We synchronised watches and were up before dawn, light packs and hiking boots, sandwiches and waterbottles. We drove into the mountains to the township of Faulconbridge, veering right off the highway past Norman Lindsay’s scandalous art gallery down Grose Road, veering off into the bush down a firetrail that ends in a locked gate. We parked, armed hiking poles, and began.

pretty bark!

The firetrail offers glimpses of the steep valleys to either side of Faulconbridge Ridge, but only glimpses. Another fire (or a chainsaw) could create some astonishing vistas, but that would offend not only me but many others. Still, a viewing platform at the midway point out over Linden Creek would be spectacular. But instead, scrub and more scrub. And pretty rocks!

pretty rocks!

We’re having a very wet summer (ie a non-drought/bushfire summer) which means there’s plenty of new green growth springing up, ready to dry off into tinder next year. The track continues, rising and falling but mostly rising for about 4.5 kilometres from the gate to the point where the Grose River walking trackhead appears. Plan A had been to drop off the map here, dropping 650 metres in less than 2km to the river, to camp overnight and return tomorrow. Various pressures I’ll just lump under “stuff” meant Plan B was activated, and we journeyed on to Faulconbridge Point.

hmm so artistic

I’ve been here eleven times, and never get sick of it. One day they’ll do exactly what I half-suggested they do at the midway point, create a proper viewing platform and kill the beauty with guard rails and warning signs. I’ll stop visiting when that happens. Glad to see the Grose River in high water, boiling over some pretty hairy rapids I’m told even crazy-ass kayakers are told to reconsider. Can’t see the Engineer’s Track, but that said I’ve never been able to find it. A sandwich or two to savour the moment, and some obligatory photography, then we turn back.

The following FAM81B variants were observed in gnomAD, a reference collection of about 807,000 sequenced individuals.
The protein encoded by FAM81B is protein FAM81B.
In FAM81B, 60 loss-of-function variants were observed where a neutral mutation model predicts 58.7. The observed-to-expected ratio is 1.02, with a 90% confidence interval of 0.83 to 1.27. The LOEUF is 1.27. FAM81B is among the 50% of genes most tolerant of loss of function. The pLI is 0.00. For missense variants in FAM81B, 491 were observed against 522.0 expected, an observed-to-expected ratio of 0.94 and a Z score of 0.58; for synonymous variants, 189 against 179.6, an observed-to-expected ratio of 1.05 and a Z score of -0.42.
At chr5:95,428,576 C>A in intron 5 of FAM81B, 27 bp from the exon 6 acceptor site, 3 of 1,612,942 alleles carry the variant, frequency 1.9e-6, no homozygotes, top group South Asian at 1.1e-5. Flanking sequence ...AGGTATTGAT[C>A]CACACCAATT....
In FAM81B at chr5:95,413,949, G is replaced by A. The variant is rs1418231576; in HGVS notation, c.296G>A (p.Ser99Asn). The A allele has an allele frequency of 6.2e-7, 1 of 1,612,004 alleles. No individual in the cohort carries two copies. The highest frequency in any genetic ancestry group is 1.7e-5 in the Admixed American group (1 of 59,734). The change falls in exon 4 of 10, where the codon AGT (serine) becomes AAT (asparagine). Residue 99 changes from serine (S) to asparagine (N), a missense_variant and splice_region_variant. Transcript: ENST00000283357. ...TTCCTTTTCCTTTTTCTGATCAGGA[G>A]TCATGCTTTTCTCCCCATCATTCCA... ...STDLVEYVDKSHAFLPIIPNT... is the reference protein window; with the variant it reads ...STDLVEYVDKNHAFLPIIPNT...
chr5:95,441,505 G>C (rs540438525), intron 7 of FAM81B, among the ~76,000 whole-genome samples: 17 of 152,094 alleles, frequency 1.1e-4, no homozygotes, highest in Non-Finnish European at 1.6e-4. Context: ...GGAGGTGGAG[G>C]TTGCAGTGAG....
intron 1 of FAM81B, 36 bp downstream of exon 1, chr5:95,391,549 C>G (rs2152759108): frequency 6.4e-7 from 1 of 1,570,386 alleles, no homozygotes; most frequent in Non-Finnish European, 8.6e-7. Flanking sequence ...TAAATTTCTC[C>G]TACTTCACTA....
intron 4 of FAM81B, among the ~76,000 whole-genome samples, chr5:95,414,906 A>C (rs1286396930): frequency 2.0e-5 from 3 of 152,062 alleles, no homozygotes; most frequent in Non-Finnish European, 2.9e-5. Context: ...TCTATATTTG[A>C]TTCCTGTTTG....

Grose River in good flow

I don’t have the requisite botanical knowledge to name all the flora and/or fauna we encountered, but my oft-repeated warning (that everything in Australia wants to bite, scratch or sting you to death) remains law. I had Jack Jumper ants rearing at me every second step, and the arachnidae lurking under the so-pretty strips of paperbark meant keeping my fingers to myself.

The walk back was in bright sunshine, with my son teaching me stuff about mushrooms and me cracking weak dad-jokes (“Why was the mycologist so popular? Because he’s such a fun guy!“) which was a bit hit-and-miss given my son’s blocked ear meant he misheard many of my best jokes (“Why don’t cannibals eat clowns?” became “Why don’t CAMELS eat clowns” and so the hilarious punchline (“Because they taste funny”) didn’t make any sense).

geometrically perfect!

We marched on. We met a fit, young lady dressed neck to toe in a coat of black paint cycling up the ridge. Overtook a fat, old guy not wearing a shirt (ugh) jiggling jogging at walking pace back down the ridge. A mum and insanely-giggly daughter duo were kept at giggle-dampening distance ahead of us. The random Thursday crowded morning in the bush, just goes to show how popular this track it. I brought my emergency beacon, but it was nice to know that help was at hand if the yowies came for us!

not yowies, lichen on very scary rocks

I was glad to see the car. I had forgotten to trim my toenails, and one was biting into the side of another toe almost from the first step. You weak bastard, I muttered to myself, feeling the legs begin to ache. My feet registered every one of the 16,000 steps, which goes to show that I need to get out more. This is an easy track. It shouldn’t hurt at all, but it did. I’m glad we opted for Plan B, because the descent into the river would have been my undoing. I’ll get fitter and go back for that camp I promised you. Just need to get some miles into these legs first.

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